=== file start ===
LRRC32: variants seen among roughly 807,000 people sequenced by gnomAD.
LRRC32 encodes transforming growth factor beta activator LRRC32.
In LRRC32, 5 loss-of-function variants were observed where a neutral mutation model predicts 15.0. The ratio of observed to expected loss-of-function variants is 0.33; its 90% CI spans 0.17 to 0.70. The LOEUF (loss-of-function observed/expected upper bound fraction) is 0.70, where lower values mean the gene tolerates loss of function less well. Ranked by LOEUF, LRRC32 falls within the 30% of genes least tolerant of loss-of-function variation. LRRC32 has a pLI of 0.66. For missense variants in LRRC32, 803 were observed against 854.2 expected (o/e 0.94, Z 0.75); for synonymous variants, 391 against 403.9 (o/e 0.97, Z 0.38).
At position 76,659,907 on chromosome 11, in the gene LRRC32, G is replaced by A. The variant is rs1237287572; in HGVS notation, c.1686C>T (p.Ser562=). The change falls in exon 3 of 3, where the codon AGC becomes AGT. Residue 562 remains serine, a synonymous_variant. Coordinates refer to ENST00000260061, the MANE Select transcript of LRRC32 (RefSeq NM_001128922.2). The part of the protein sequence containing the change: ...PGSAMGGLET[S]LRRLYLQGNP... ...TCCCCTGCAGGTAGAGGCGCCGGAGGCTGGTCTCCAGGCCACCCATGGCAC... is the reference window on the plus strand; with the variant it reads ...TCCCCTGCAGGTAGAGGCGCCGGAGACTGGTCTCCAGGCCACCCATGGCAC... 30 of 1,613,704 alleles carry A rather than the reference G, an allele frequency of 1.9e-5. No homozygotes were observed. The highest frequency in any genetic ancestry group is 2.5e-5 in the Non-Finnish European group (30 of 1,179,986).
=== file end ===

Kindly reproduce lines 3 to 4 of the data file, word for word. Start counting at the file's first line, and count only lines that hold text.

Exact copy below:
In LRRC32, 5 loss-of-function variants were observed where a neutral mutation model predicts 15.0. The ratio of observed to expected loss-of-function variants is 0.33; its 90% CI spans 0.17 to 0.70. The LOEUF (loss-of-function observed/expected upper bound fraction) is 0.70, where lower values mean the gene tolerates loss of function less well. Ranked by LOEUF, LRRC32 falls within the 30% of genes least tolerant of loss-of-function variation. LRRC32 has a pLI of 0.66. For missense variants in LRRC32, 803 were observed against 854.2 expected (o/e 0.94, Z 0.75); for synonymous variants, 391 against 403.9 (o/e 0.97, Z 0.38).
At position 76,659,907 on chromosome 11, in the gene LRRC32, G is replaced by A. The variant is rs1237287572; in HGVS notation, c.1686C>T (p.Ser562=). The change falls in exon 3 of 3, where the codon AGC becomes AGT. Residue 562 remains serine, a synonymous_variant. Coordinates refer to ENST00000260061, the MANE Select transcript of LRRC32 (RefSeq NM_001128922.2). The part of the protein sequence containing the change: ...PGSAMGGLET[S]LRRLYLQGNP... ...TCCCCTGCAGGTAGAGGCGCCGGAGGCTGGTCTCCAGGCCACCCATGGCAC... is the reference window on the plus strand; with the variant it reads ...TCCCCTGCAGGTAGAGGCGCCGGAGACTGGTCTCCAGGCCACCCATGGCAC... 30 of 1,613,704 alleles carry A rather than the reference G, an allele frequency of 1.9e-5. No homozygotes were observed. The highest frequency in any genetic ancestry group is 2.5e-5 in the Non-Finnish European group (30 of 1,179,986).